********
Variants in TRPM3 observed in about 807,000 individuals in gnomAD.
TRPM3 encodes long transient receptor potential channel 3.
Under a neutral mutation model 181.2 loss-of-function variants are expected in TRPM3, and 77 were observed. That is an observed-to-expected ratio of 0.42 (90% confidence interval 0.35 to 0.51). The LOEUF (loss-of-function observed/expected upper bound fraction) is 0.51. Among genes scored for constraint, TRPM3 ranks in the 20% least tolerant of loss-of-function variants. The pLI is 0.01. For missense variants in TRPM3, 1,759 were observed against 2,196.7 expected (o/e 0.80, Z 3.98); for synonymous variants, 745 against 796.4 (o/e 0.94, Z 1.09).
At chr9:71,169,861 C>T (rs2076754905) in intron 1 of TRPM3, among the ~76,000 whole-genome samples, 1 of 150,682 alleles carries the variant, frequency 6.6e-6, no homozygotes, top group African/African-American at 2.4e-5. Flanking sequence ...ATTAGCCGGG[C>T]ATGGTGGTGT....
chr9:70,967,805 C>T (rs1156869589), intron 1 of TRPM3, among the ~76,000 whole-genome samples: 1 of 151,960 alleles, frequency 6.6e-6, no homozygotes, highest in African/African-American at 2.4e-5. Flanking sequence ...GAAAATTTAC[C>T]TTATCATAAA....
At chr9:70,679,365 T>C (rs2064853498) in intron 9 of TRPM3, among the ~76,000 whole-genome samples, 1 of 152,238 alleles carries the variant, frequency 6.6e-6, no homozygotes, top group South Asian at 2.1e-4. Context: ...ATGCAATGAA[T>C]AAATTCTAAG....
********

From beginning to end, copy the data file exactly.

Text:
Variants in TRPM3 observed in about 807,000 individuals in gnomAD.
TRPM3 encodes long transient receptor potential channel 3.
Under a neutral mutation model 181.2 loss-of-function variants are expected in TRPM3, and 77 were observed. That is an observed-to-expected ratio of 0.42 (90% confidence interval 0.35 to 0.51). The LOEUF (loss-of-function observed/expected upper bound fraction) is 0.51. Among genes scored for constraint, TRPM3 ranks in the 20% least tolerant of loss-of-function variants. The pLI is 0.01. For missense variants in TRPM3, 1,759 were observed against 2,196.7 expected (o/e 0.80, Z 3.98); for synonymous variants, 745 against 796.4 (o/e 0.94, Z 1.09).
At chr9:71,169,861 C>T (rs2076754905) in intron 1 of TRPM3, among the ~76,000 whole-genome samples, 1 of 150,682 alleles carries the variant, frequency 6.6e-6, no homozygotes, top group African/African-American at 2.4e-5. Flanking sequence ...ATTAGCCGGG[C>T]ATGGTGGTGT....
chr9:70,967,805 C>T (rs1156869589), intron 1 of TRPM3, among the ~76,000 whole-genome samples: 1 of 151,960 alleles, frequency 6.6e-6, no homozygotes, highest in African/African-American at 2.4e-5. Flanking sequence ...GAAAATTTAC[C>T]TTATCATAAA....
At chr9:70,679,365 T>C (rs2064853498) in intron 9 of TRPM3, among the ~76,000 whole-genome samples, 1 of 152,238 alleles carries the variant, frequency 6.6e-6, no homozygotes, top group South Asian at 2.1e-4. Context: ...ATGCAATGAA[T>C]AAATTCTAAG....